The author; a poem [by W.R. Lyth].

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W. Allan, 1854 - 122 Seiten
 

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Seite 20 - Tis pleasant, sure, to see one's name in print; A book's a book, although there's nothing in't.
Seite 59 - What is a man, If his chief good and market of his time Be but to sleep and feed ? a beast, no more. Sure, he that made us with such large discourse, Looking before and after, gave us not That capability and god-like reason To fust in us unused.
Seite 116 - City, with all its houses, palaces, steamengines, cathedrals, and huge immeasurable traffic and tumult, what is it but a Thought, but millions of Thoughts made into One ; — a huge immeasurable Spirit of a THOUGHT, embodied in brick, in iron, smoke, dust, Palaces, Parliaments, Hackney Coaches, Katherine Docks, and the rest of it!
Seite 116 - ... dangerous ? Has it tended to make you dissatisfied and impatient under the control of others, and disposed you to relax in that self-government without which both the laws of God and man tell us there can be no virtue, and consequently no happiness? Has it attempted to abate your admiration and reverence for what is great and good, and to diminish in you the love of your country, and your fellow-creatures?
Seite 119 - ... and exaggeration of natural incidents and ordinary personages, by the artifices of style, and the audacity of sentiment employed upon them, as shall produce that sensation of wonder in which halfinstructed minds delight. This preposterous effort at display may be traced through every walk of polite literature, and in every channel of publication ; nay, it would hardly be venturing too far to say that every popular author is occasionally a juggler, rope-dancer, or •posture-maker, in this way,...
Seite 116 - Would you know whether the tendency of a book is good or evil, examine in what state of mind you lay it down. Has it induced you to suspect that what you have been accustomed to think unlawful may after all be innocent, and that that may be harmless which you have hitherto been taught to think dangerous?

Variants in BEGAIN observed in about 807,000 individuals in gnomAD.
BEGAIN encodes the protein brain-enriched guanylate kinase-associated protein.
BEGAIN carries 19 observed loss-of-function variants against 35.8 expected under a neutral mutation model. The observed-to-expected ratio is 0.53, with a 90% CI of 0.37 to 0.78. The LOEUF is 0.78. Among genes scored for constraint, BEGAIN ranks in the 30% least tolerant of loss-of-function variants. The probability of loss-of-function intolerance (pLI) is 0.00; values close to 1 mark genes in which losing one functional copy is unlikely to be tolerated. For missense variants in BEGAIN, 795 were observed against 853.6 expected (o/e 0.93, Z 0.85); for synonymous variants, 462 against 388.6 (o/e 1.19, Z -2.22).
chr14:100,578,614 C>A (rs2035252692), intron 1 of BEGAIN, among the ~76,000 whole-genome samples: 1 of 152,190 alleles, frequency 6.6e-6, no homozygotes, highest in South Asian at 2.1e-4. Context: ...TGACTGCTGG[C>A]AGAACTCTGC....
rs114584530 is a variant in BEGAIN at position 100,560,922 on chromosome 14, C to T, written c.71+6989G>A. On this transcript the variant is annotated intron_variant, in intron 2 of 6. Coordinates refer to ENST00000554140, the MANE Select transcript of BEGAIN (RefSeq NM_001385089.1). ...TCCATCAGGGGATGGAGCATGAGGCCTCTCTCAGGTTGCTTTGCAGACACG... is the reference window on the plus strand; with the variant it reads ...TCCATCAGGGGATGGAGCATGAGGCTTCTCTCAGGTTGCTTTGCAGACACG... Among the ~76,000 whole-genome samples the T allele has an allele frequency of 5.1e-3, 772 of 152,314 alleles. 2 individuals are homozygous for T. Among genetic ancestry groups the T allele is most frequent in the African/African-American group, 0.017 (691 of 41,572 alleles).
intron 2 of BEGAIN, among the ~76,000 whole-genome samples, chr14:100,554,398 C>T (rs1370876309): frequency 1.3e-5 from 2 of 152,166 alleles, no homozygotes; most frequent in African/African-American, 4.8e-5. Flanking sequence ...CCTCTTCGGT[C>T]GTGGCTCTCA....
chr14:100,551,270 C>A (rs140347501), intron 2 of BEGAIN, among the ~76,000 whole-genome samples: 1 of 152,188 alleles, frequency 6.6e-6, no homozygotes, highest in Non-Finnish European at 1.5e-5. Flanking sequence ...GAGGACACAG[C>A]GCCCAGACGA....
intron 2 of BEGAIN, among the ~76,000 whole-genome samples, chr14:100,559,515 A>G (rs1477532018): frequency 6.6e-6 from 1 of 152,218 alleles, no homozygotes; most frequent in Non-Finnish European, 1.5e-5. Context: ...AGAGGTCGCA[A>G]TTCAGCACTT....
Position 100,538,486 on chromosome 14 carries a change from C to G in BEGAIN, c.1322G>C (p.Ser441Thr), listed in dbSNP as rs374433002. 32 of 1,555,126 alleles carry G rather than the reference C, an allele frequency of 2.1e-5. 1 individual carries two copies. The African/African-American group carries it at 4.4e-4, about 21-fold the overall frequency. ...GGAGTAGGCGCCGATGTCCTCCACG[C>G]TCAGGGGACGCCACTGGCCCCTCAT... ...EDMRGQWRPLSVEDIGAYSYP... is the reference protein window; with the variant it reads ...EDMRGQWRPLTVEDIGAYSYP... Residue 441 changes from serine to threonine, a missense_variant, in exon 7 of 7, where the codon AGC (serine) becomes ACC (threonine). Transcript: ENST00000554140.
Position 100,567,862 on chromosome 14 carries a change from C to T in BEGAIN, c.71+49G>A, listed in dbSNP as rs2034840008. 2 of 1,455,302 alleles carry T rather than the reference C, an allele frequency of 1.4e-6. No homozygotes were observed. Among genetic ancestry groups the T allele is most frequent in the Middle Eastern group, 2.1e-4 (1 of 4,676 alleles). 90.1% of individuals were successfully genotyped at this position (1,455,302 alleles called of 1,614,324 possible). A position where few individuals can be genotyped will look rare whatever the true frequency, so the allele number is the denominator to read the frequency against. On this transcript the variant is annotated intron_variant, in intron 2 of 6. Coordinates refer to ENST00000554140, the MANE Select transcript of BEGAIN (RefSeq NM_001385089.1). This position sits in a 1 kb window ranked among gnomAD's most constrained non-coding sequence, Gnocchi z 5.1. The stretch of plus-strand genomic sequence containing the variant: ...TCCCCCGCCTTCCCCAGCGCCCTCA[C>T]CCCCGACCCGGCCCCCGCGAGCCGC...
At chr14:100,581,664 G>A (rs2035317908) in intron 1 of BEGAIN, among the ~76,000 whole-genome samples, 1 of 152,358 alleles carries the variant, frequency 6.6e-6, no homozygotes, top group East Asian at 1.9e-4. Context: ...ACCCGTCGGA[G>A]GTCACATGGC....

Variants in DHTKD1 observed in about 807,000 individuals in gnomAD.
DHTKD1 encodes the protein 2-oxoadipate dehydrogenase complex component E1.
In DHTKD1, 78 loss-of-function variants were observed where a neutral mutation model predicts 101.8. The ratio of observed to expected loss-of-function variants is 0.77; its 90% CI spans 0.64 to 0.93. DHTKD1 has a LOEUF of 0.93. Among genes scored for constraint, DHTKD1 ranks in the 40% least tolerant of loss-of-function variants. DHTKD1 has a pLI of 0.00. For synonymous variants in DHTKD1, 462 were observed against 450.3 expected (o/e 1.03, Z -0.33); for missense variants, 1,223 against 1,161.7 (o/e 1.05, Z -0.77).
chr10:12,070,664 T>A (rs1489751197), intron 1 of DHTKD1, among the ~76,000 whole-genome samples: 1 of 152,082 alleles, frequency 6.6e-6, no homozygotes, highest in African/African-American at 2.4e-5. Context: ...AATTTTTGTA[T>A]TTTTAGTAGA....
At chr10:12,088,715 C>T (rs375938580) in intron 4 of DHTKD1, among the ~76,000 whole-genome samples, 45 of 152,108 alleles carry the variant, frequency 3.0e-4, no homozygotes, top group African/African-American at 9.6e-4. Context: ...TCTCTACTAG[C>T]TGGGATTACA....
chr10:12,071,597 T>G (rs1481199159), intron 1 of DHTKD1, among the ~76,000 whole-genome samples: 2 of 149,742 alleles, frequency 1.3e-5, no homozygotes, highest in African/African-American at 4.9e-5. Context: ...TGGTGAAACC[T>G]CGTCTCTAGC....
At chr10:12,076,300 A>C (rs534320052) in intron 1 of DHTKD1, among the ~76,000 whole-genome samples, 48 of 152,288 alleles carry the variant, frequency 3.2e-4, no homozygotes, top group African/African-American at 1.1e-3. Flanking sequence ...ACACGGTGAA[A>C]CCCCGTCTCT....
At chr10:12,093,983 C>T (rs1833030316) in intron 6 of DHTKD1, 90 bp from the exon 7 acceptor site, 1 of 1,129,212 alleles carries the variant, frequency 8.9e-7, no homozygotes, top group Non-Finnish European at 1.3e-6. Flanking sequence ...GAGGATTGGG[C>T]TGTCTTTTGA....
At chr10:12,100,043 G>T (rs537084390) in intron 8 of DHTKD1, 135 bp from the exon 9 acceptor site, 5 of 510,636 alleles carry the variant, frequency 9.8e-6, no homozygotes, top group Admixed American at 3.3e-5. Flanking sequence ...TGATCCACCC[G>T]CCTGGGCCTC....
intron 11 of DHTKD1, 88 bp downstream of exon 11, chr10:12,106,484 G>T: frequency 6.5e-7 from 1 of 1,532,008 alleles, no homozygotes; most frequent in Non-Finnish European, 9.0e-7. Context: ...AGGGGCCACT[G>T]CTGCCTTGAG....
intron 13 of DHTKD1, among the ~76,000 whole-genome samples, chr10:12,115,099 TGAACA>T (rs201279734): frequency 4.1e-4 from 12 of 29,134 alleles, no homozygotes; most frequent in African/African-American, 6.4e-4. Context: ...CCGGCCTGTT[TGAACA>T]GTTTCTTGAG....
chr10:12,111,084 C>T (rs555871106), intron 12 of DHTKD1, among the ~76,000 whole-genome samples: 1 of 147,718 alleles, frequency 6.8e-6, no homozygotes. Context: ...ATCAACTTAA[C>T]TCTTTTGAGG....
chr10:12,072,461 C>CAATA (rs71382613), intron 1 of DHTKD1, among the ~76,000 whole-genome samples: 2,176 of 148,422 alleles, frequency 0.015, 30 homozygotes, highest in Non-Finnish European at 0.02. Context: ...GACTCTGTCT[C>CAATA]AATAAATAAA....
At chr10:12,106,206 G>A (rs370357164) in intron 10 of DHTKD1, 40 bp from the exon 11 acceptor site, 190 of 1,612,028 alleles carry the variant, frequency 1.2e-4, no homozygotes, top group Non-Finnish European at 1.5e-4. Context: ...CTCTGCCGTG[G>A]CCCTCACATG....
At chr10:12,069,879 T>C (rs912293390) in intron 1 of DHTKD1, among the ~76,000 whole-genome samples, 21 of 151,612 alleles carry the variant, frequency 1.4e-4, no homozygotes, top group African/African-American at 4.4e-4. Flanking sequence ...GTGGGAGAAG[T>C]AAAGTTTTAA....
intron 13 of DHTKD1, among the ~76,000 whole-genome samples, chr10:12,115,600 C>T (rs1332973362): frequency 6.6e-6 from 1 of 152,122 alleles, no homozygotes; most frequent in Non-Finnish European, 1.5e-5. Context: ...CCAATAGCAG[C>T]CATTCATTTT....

Seite 114 - The true genius is a mind of large general powers, accidentally determined to some particular direction.
Seite 81 - The end of learning is to repair the ruins of our first parents, by regaining to know God aright, and out of that knowledge to love him, to imitate him, to be like him, as we may the nearest, by possessing our souls of true virtue, which being united to the heavenly grace of faith, makes up the highest perfection.
Seite 111 - ... scenes at the elaborate and vacillating crudities of thought, at the true purposes seized only at the last moment, at the innumerable glimpses of idea that arrived not at the maturity of full view, at the fully matured fancies discarded in despair as unmanageable, at the cautious selections and rejections, at the painful erasures and interpolations — in a word, at the wheels and pinions, the tackle for sceneshifting, the step-ladders and demon-traps, the cock's feathers, the red paint and the...
Seite 117 - Has it defiled the imagination with what is loathsome, and shocked the heart with what is monstrous? Has it disturbed the sense of right and wrong which the Creator has implanted in the human soul? If so, if you are conscious of...

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